Why do earthworms die when salt is sprinkled on them?

Earthworms are grouped under the animal phylum Annelida, which was derived from the Latin word, anellus meaning ‘little rings.’ As this name implies, the body of an earthworm seems to be made up of several rings which is known as segmented body.

The skin of the earthworm secretes mucous. This mucous keeps the skin moist always, which is vital for the survival of earthworms. Because earthworms have no respiratory organ and hence the respiration takes place through the moist skin.

The oxygen from the environment diffuses passively across the moist skin and it is carried by the circulatory system (blood) to the cells. Similarly, carbon dioxide from the cells will also be carried by the circulatory system and diffuses out through the moist skin. Hence, the earthworms will die if their skin dries out.

Salinity (saltiness) of the soil in which an earthworm lives is an important factor that decides its survival because earthworms are highly sensitive to salt stress. The salinity may reduce their growth at low salt concentrations or cause mortality at high salt concentrations.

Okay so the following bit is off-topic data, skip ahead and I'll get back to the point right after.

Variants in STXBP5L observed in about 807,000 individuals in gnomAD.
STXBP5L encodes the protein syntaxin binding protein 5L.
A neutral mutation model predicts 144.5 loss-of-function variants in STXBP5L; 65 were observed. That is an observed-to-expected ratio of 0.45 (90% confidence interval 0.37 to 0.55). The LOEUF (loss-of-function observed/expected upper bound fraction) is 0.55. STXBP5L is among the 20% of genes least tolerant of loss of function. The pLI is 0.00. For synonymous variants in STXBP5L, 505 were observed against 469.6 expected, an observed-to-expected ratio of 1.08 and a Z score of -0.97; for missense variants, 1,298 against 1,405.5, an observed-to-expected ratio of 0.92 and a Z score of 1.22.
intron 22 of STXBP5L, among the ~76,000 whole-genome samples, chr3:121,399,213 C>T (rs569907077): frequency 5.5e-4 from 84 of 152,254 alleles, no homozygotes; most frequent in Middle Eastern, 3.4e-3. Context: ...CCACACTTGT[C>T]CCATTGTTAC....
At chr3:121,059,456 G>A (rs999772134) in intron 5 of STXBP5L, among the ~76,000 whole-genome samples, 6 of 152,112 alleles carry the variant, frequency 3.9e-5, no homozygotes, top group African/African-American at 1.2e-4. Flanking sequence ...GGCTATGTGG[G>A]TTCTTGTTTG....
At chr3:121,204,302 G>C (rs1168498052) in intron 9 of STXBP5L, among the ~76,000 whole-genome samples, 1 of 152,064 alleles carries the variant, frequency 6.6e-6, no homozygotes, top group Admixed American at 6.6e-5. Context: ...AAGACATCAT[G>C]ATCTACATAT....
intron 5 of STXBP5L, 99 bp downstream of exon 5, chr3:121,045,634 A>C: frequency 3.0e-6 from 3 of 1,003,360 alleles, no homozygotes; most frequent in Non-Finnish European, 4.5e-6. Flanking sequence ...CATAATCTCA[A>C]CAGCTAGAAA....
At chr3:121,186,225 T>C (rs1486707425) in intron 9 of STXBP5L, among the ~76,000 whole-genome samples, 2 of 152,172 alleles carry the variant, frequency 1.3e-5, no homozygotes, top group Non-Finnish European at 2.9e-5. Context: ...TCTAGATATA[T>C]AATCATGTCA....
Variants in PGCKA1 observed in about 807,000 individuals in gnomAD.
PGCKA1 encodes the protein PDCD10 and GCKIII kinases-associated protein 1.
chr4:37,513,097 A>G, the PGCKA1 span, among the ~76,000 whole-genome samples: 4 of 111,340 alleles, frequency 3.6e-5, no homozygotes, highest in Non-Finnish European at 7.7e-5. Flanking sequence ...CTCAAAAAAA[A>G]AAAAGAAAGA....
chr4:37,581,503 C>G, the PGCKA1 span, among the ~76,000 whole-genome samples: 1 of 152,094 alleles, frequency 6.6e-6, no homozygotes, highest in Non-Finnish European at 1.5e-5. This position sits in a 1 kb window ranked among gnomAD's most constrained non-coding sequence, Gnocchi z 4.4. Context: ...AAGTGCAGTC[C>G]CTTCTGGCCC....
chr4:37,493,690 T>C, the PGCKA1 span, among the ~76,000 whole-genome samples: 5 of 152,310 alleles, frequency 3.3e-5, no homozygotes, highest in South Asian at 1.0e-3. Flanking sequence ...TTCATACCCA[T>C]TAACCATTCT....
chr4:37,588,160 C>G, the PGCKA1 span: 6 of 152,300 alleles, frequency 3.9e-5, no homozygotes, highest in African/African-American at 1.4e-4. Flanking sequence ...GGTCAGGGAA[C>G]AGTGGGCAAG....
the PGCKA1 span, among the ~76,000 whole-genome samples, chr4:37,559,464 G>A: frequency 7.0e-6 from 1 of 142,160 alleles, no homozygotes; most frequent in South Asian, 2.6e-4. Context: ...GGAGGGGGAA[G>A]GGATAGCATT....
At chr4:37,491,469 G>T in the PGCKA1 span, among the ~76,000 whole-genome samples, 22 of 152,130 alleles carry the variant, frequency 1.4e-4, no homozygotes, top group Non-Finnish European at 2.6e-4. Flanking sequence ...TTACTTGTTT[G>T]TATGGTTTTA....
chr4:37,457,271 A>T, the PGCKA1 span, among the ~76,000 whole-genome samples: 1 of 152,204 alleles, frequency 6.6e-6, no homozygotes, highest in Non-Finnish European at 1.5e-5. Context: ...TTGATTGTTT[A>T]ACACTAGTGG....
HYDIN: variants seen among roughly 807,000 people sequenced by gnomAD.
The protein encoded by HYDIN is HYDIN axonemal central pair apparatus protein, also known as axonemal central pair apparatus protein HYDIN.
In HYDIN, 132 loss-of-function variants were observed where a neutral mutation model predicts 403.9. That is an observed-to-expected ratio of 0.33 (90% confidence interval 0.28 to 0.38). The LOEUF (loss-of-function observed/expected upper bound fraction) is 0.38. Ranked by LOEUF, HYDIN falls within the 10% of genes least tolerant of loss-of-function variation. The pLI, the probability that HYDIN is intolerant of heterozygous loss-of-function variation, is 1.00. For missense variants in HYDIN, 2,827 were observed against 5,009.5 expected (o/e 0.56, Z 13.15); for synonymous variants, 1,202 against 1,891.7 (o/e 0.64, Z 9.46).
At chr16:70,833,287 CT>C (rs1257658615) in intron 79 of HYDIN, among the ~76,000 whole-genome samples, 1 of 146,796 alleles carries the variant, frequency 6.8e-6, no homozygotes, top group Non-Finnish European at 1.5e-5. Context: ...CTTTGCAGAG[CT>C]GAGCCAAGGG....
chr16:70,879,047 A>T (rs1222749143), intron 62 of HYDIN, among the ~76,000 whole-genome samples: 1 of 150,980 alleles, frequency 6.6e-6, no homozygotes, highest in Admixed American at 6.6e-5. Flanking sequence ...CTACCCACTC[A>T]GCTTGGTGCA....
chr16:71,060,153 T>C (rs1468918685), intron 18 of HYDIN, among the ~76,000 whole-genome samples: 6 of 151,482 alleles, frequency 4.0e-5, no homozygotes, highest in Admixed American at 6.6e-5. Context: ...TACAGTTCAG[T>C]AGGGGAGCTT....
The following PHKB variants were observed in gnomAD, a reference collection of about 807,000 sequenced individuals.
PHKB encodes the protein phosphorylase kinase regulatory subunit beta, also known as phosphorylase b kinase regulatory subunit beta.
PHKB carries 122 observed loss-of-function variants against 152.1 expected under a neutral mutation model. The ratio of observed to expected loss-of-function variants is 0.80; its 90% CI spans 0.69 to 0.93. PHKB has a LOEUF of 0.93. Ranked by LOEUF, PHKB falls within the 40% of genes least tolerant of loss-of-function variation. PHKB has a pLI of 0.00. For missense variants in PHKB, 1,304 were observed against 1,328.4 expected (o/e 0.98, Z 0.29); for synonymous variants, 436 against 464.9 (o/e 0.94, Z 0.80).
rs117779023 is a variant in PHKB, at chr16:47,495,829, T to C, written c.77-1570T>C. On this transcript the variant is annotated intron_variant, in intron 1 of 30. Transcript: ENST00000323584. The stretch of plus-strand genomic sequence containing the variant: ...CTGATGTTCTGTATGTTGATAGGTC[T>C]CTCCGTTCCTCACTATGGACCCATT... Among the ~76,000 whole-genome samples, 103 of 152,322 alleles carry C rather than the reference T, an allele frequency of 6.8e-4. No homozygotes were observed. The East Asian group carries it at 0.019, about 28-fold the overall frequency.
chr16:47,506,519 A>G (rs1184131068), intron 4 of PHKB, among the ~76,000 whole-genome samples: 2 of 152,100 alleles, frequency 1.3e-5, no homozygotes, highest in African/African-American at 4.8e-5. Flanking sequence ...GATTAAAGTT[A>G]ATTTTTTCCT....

They are unable to tolerate high ionic strength, because high salt concentrations destroy their sensitive skin, and the earthworms cannot have control over the osmotic regulation. In addition, the neurosecretory cells in earthworms play a vital role in water balance as well as ionic and osmotic regulation.

The salt stress and desiccation significantly interfere with the functions of these neurosecretory cells. Hence, salts like sodium chloride are extremely toxic to most of the earthworm species.

Sodium chloride could cause mortality at a concentration of 0.5 per cent itself, whereas other salts such as potassium chloride are toxic at a concentration of more than 1 per cent. However, the salts at lower (sublethal) concentrations may not cause mortality in earthworms, although they would substantially reduce the reproduction, especially production of cocoons (egg cases).

Source: The Hindu